Appellant also argues that the class-action recovery was so large as to constitute an unanticipated windfall and that the district court should have granted relief pursuant to Minn. Stat. § 518.145, subd. 2(5) (2002).  As stated previously, this court will not reverse a district court decision regarding reopening a judgment absent an abuse of discretion.  Kornberg, 542 N.W.2d at 386.  A mere change in circumstances will not support a modification of a property division.  Graff v. Graff, 472 N.W.2d 882, 883-84 (Minn. App. 1991), review denied (Minn. Sept. 13, 1991).  Unforeseen circumstances similarly do not permit reopening a judgment.  Hestekin v. Hestekin, 587 N.W.2d 308, 310 (Minn. App. 1998). 

            The statutory basis for appellant’s claim provides as follows:

            Subd. 2.  Reopening.  On motion and upon terms as are just, the court may relieve a party from a judgment and decree, order, or proceeding under this chapter, except for provisions dissolving the bonds of marriage, annulling the marriage, or directing that the parties are legally separated, and may order a new trial or grant other relief as may be just for the following reasons:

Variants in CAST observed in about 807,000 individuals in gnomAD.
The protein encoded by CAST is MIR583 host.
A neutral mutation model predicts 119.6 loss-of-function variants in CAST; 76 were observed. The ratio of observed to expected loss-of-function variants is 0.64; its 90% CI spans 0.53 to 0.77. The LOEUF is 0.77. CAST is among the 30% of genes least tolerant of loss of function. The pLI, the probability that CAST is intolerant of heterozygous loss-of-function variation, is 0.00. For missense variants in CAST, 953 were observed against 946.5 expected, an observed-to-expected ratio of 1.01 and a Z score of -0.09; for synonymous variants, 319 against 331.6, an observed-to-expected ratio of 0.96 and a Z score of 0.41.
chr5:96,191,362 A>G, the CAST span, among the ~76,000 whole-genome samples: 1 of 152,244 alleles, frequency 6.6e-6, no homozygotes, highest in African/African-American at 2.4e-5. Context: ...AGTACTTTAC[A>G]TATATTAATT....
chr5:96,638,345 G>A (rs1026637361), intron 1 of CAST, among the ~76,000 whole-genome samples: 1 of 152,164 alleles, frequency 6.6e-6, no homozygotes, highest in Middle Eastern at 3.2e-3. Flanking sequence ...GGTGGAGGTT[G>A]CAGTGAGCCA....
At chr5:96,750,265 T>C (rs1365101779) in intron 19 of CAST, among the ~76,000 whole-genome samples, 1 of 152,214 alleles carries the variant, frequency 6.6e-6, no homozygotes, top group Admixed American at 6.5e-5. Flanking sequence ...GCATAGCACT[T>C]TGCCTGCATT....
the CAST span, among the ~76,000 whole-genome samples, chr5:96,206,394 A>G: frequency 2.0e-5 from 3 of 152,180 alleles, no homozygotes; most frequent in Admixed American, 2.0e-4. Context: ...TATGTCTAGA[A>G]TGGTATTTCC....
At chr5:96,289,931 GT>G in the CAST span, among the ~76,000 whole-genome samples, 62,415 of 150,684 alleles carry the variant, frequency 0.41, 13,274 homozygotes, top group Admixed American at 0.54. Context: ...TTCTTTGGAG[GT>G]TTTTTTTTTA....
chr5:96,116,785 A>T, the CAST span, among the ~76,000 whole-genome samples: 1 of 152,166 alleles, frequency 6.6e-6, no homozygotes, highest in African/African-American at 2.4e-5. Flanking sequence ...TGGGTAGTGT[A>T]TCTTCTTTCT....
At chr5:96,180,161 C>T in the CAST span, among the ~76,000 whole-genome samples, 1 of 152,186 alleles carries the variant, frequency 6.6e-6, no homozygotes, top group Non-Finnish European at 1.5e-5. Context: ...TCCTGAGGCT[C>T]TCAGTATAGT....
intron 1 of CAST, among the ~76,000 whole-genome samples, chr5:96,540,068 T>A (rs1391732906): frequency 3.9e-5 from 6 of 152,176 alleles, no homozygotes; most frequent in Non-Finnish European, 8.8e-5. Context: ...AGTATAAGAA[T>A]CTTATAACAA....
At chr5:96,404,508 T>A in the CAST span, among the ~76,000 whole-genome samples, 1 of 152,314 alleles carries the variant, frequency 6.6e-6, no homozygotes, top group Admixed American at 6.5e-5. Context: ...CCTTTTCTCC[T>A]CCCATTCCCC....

. . . .


            (5)  . . . it is no longer equitable that the judgment and decree or order should have prospective application.


Minn. Stat. § 518.145, subd. 2(5).  This court applied clause (5) in Harding v. Harding, 620 N.W.2d 920 (Minn. App. 2001), where there was an unexpected, shared business tax liability of approximately $170,000.  In that case, the appellant’s 50% share of liability reduced the value of a $224,000 award for her interest in that business by at least 40%.  In finding that the district court erred in not reopening the dissolution judgment, this court said:

Clause (5) is not a catchall provision.  But due caution in its application nevertheless leaves us with the conviction that the rule must be employed when injustice in the prospective application of a divorce decree is due to the development of circumstances substantially altering the information on a topic that was accepted earlier, when the subject was addressed in a marital-termination agreement and in an ensuing judgment.


Id. at 924.